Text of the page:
> but how can I pass that updated `dat` object to the same function in
> second invocation?

If you call 'handleKey', then it returns a new Widget with a new
'handleKey' function having a closure over the modified 'dat'.

data Counter = Counter
   { increase :: Counter
   , draw     :: IO ()
   }

someCounter :: Int -> Counter
someCounter count = Counter
   { increase = someCounter $ count + 1
   , draw     = print count
   }

*Main> let c = someCounter 0
*Main> draw c
0
*Main> let c' = increase someCounter 
*Main> draw c'
1

(Continue reading)

Daniel Trstenjak | 3 Mar 09:10 2014
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Re: I'm trying to design a GUI library -- a design question


> *Main> let c = someCounter 0
> *Main> draw c
> 0
> *Main> let c' = increase someCounter 
> *Main> draw c'
> 1

Sorry, the example should have been:

*Main> let c = someCounter 0
*Main> draw c
0
*Main> let c' = increase c 
*Main> draw c'
1

Greetings,
Daniel
Ömer Sinan Ağacan | 3 Mar 10:17 2014
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Re: I'm trying to design a GUI library -- a design question

Ops, sorry. I misunderstand your code. Now that looks like solving my
problem of updating widgets, and maybe I can use Data.Map.Map to keep
widgets and update them when methods are called.

Now this works but that explicit state updating and passing is not
ideal for me. I know I can always hide that kind of things behind a
state monad:

> data Program = Program
>     { ...
>     , widgets :: (Map Int Widget, Int)
>     , ...
>     }
>
>
> handleKey' :: Key -> State Program ()
> handleKey' key = do
>   programState <at> Program{(widgets, focusIdx)=widgets} <- get
>   let widget = fromJust $ lookup focusIdx widgets
>       widget' = handlekey widget key
>
>   put programState{widgets=(M.insert focusIdx widget', focusIdx)}

and I can even create a typeclass like `HasWidgets` which provides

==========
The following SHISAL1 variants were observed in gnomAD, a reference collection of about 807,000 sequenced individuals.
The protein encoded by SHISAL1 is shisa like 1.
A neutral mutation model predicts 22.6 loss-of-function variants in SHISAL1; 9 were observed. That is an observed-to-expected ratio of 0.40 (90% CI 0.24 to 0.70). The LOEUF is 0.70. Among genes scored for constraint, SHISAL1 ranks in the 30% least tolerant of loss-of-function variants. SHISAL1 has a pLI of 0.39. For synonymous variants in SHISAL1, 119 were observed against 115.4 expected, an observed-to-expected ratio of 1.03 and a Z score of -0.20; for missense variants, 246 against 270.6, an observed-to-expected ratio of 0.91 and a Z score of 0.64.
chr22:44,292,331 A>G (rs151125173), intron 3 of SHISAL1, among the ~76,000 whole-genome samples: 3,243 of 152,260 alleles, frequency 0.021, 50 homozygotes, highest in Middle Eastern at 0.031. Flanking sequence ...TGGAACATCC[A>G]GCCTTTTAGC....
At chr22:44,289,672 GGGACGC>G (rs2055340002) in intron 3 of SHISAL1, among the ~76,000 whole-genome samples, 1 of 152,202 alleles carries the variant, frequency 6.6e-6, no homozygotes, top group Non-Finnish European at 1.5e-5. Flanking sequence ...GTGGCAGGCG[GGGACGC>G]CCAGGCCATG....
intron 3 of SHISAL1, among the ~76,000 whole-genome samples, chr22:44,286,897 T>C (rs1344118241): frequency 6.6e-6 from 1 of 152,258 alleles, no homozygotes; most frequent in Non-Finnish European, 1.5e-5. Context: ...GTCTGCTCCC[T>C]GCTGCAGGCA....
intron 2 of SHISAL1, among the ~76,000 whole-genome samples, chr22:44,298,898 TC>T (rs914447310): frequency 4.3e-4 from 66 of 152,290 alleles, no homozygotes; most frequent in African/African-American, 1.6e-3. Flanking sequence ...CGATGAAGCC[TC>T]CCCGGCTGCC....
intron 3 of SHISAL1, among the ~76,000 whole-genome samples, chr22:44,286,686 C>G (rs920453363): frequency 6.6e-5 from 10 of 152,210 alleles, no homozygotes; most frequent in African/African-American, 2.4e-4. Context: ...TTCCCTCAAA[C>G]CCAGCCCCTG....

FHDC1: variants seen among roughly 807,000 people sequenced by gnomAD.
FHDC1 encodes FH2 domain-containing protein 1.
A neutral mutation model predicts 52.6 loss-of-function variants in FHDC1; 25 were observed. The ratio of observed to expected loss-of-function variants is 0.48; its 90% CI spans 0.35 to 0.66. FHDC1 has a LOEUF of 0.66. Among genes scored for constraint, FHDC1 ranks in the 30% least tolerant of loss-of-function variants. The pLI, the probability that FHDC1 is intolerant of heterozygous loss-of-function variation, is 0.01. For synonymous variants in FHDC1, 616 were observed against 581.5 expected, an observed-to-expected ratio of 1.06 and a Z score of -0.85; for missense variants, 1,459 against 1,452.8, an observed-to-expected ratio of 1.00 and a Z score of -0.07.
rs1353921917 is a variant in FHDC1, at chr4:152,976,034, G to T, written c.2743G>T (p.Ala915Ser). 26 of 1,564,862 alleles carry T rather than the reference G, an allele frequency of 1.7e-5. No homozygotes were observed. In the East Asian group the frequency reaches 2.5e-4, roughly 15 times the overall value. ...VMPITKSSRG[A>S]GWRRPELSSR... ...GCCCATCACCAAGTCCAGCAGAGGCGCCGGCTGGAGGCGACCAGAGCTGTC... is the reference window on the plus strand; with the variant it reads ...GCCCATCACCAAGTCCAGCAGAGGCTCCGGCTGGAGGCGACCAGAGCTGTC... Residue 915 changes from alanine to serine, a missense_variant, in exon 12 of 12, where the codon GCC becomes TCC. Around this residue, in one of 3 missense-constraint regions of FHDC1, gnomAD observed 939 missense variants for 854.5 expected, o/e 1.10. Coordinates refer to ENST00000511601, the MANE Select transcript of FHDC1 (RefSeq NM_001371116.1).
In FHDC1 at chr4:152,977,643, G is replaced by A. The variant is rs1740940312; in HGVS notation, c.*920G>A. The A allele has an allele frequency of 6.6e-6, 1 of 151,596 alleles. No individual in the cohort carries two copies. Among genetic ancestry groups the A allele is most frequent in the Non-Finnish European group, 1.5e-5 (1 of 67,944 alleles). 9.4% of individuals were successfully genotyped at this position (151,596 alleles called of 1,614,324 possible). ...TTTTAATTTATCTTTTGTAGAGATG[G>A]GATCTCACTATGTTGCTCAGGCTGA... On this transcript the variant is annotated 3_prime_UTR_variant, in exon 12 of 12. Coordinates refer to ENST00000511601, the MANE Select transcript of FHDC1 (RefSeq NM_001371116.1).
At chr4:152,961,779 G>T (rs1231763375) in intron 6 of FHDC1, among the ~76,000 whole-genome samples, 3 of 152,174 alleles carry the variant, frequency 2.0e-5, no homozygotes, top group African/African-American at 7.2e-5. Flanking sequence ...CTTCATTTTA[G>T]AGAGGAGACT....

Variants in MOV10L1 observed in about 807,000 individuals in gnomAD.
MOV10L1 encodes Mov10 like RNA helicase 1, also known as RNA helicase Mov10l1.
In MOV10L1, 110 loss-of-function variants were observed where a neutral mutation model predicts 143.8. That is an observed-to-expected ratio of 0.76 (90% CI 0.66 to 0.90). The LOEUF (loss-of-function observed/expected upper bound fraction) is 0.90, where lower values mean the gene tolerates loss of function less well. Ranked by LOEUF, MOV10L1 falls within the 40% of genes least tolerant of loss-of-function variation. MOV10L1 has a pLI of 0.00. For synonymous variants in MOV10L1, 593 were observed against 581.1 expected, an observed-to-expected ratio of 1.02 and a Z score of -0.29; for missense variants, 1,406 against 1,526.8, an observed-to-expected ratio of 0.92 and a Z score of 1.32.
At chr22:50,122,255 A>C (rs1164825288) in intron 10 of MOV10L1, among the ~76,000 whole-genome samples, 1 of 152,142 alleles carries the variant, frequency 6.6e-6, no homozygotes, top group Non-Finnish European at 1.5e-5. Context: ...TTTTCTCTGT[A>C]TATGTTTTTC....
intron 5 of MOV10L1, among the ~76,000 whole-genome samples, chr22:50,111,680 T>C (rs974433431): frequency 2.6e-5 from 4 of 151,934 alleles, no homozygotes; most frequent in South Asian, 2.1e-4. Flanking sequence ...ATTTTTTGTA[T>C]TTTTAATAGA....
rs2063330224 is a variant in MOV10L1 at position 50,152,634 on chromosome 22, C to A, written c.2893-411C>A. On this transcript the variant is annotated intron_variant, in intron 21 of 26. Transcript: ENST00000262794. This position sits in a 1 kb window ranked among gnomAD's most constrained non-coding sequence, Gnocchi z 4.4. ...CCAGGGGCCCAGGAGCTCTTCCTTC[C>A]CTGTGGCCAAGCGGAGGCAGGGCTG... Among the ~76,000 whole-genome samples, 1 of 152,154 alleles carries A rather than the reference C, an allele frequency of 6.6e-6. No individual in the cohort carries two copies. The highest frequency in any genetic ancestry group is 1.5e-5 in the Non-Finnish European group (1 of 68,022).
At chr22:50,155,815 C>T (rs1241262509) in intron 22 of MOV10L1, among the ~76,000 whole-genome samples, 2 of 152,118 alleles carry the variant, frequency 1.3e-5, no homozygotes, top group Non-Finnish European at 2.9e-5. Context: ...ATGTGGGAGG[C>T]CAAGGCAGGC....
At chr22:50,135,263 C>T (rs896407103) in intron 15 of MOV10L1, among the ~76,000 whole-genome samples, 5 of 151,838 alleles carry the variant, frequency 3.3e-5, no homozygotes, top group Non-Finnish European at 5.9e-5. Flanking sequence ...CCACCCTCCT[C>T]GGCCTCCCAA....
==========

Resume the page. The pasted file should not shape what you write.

required methods for updating widget states and that would be even
more flexible:

> {-# LANGUAGE PackageImports,
>              MultiParamTypeClasses,
>              FlexibleInstance #-}
(Continue reading)

Ömer Sinan Ağacan | 3 Mar 10:37 2014
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Re: I'm trying to design a GUI library -- a design question

Again, sorry, just pasted wrong code, correct version should be:

> {-# LANGUAGE PackageImports,
>              MultiParamTypeClasses,
>              FlexibleInstances,
>              FlexibleContexts #-}
>
> import "mtl" Control.Monad.State
> import "mtl" Control.Monad.Identity
> import qualified Data.Map as M
> import Data.Maybe
>
>
> type Key = Int
> type Widget = Int -- placeholder
> type FocusIdx = Int
>
>
> data Program = Program
>     { widgets :: (M.Map Int Int, Int)
>     }
>
>
> class HasWidgets s where
>     getWidgets :: s -> (M.Map Int Widget, FocusIdx)
>     updateWidgets :: (M.Map Int Widget, FocusIdx) -> s -> s
>
>
> instance HasWidgets Program where
>     getWidgets p = widgets p
(Continue reading)

Daniel Trstenjak | 3 Mar 11:14 2014
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Re: I'm trying to design a GUI library -- a design question


Hi Ömer,

I don't think that you need the 'HasWidgets' class, it really doesn't give you a lot.
Something like a function 'withFocused' would be a lot more useful:

   withFocused :: (Widget -> Widget) -> State Program ()

Greetings,
Daniel